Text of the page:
Looking at the members of Nickel Creek, it sounds like a joke that their current comeback tour after seven years apart is also serving as a 25th anniversary celebration. Either they’ve been cryogenically preserved, you think, or they’ve been playing together since they were 10 years old.
Eight, actually. That’s how old Violinist Sara Watkins and mandolin player Chris Thile were when the band first started, and guitarist Sean Watkins, Sara’s older brother, was the elder statesman of the band at 12. Though they grew up in Southern California, Minnesotans developed a fondness for Nickel Creek through frequent appearances on A Prairie Home Companion, and in 2011, Sara Watkins earned the distinction of being the first person ever to guest-host Keillor’s show. In 2013, she also played in Keillor’s band for his “Radio Romance Tour.”
So we know these kids—which is why the State Theatre was sold out Sunday night. The Nickel Creekers are all in their 30s now, all with respectable solo careers, and last month they released a much-better-than-respectable new album, A Dotted Line, to put an exclamation mark on their comeback.
On Sunday night, the trio (backed by bass player Mark Schatz) played several tunes from the new album—“Destination,” “21st of May,” “Hayloft,” “You Don’t Know What’s Going On,” “The Elephant in the Corn”—all of which reflect a dazzling amount of musical maturity and fearlessness. The tight harmonies and instrumental genius you’d expect are still there, of course, but along with it now is more emotional intensity, even more interesting arrangements, all sorts of catchy syncopations, moody tempo shifts, and jazzy textures, as well as a sly sense of humor. “21st of May” is a hilarious response to a Rapture that didn’t happen, for instance, and “Hayloft” is a bouncy little gem about the dangers of sexual adventures in certain farm structures—one that avoids being hokey by being so skillfully arranged.
For its 25th anniversary reunion concert at the State, the band reached back in its catalogue to play a long list of its favorites—“Reasons Why,” “When in Rome,” “Jealous of the Moon,” “When You Come Back Down,” “The Lighthouse’s Tale,” “The Fox,” and others—along with several of their hit instrumentals: “Scotch and Chocolate,” “The Smoothie Song,” and the Grammy-winning “Ode to a Butterfly.”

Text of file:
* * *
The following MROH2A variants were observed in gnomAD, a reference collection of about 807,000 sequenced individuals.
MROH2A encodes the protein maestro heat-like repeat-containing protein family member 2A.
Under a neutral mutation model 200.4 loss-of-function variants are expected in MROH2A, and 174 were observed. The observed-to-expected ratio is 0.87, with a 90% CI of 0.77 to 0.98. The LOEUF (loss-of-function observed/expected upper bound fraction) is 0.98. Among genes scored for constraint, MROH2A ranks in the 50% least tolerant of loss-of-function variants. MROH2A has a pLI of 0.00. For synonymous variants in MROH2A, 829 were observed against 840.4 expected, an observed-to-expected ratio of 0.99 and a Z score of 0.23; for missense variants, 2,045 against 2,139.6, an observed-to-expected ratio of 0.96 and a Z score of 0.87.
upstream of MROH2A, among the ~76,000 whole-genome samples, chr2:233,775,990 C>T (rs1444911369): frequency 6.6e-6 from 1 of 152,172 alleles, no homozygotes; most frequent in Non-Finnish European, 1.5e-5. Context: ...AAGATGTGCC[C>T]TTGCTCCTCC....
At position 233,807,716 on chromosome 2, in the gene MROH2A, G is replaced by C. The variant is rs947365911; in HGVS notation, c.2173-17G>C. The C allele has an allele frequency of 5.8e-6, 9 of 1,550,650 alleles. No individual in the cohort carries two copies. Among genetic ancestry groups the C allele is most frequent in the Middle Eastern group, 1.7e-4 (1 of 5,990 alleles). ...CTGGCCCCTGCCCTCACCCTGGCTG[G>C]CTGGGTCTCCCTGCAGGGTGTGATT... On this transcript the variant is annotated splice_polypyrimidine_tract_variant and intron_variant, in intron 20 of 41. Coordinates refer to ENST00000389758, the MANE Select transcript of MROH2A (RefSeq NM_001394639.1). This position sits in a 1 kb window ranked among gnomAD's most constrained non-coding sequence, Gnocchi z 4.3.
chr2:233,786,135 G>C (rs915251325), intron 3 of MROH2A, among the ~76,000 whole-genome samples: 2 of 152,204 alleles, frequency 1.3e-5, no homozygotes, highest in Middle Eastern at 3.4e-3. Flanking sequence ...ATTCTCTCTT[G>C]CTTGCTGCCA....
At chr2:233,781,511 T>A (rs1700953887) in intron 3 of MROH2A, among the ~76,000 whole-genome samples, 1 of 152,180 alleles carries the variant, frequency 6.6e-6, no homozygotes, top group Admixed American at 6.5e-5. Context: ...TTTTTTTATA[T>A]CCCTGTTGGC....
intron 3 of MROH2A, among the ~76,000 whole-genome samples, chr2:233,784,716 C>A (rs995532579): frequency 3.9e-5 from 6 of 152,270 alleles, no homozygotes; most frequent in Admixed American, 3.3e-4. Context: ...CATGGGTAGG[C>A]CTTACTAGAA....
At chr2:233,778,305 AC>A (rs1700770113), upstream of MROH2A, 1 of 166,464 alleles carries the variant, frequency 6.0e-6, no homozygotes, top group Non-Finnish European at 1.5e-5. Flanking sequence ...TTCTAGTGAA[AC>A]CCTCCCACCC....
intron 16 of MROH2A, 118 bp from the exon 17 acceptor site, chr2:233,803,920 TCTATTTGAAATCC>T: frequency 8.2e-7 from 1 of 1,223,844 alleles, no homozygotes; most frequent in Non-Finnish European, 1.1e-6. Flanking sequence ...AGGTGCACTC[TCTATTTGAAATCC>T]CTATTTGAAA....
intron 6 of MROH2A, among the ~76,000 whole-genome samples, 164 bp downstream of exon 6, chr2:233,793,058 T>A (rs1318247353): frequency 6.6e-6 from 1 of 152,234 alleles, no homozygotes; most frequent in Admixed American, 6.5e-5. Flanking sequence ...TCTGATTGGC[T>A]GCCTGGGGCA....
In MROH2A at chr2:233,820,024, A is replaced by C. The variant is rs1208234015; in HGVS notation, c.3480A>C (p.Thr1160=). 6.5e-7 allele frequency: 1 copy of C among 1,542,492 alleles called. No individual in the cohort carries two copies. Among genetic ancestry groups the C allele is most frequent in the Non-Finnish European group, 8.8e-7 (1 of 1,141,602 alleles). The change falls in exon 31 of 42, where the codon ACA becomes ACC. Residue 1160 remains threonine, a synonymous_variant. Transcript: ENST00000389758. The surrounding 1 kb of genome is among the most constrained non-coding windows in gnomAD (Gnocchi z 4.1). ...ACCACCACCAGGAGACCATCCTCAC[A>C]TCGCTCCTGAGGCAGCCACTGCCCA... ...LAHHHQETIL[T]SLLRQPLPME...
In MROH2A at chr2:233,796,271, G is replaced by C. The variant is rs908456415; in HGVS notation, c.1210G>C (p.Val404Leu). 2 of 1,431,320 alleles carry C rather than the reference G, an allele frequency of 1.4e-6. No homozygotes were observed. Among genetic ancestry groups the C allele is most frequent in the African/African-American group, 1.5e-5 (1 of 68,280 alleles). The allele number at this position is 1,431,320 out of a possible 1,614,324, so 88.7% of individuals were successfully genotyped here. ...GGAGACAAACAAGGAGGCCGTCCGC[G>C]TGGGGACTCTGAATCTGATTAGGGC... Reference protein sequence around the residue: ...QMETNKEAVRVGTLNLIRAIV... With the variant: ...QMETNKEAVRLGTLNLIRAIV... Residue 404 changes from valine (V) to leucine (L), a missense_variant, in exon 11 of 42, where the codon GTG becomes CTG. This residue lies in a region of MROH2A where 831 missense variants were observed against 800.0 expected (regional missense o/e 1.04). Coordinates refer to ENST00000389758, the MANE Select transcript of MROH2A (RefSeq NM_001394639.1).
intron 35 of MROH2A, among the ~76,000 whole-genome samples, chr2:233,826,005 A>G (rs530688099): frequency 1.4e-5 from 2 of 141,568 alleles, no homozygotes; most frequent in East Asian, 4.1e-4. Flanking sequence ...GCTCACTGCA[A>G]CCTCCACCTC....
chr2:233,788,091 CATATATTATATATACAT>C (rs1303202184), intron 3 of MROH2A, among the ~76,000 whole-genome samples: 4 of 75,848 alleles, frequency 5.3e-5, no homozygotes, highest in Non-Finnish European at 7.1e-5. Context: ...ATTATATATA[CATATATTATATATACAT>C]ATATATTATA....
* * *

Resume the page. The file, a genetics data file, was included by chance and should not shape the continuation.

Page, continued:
In concert, the band opens these tunes up by allowing Chris Thile (who won a Macarthur genius grant in 2012) to throw in some tasty improvisational licks when the spirit moves him, but otherwise they’re fairly faithful to the original versions. Sara Watkins wore her hair up, with a black dress, brown knee-length leather boots, and Zooey Deschanel smart glasses. Live, her voice sounds much fuller and richer than it does on most of Nickel Creek’s albums—but hey, she was just a kid when most of that stuff was recorded. Still, when presented with a more mature voice, a song like “Reasons Why” takes on more dimensions because it no longer sounds like it’s being sung by a wounded teenager.
The band is clearly having fun on this tour. Thile spends a lot of time moving his gangly frame around the stage, chicken-walking and, sometimes, staggering like he’s drunk. But he’s not—that’s the walk of a staggering genius, a fact he announces every time he launches into a mandolin solo. And Sean Watkins, the least famous of the bunch, is an underrated guitarist who both anchors the band’s rhythm and provides some of the show’s funniest moments.
The scary thing to contemplate is that, if they wanted to, Nickel Creek could play for another 25-50 years, easy. They probably won’t, but maybe they’ll see fit to come back in another 25 years and show us what they’ve been up to. Many of the folks who were at the State on Sunday night might not be alive to see it, including me, but I’m sure the audience in 2039 will have a great time.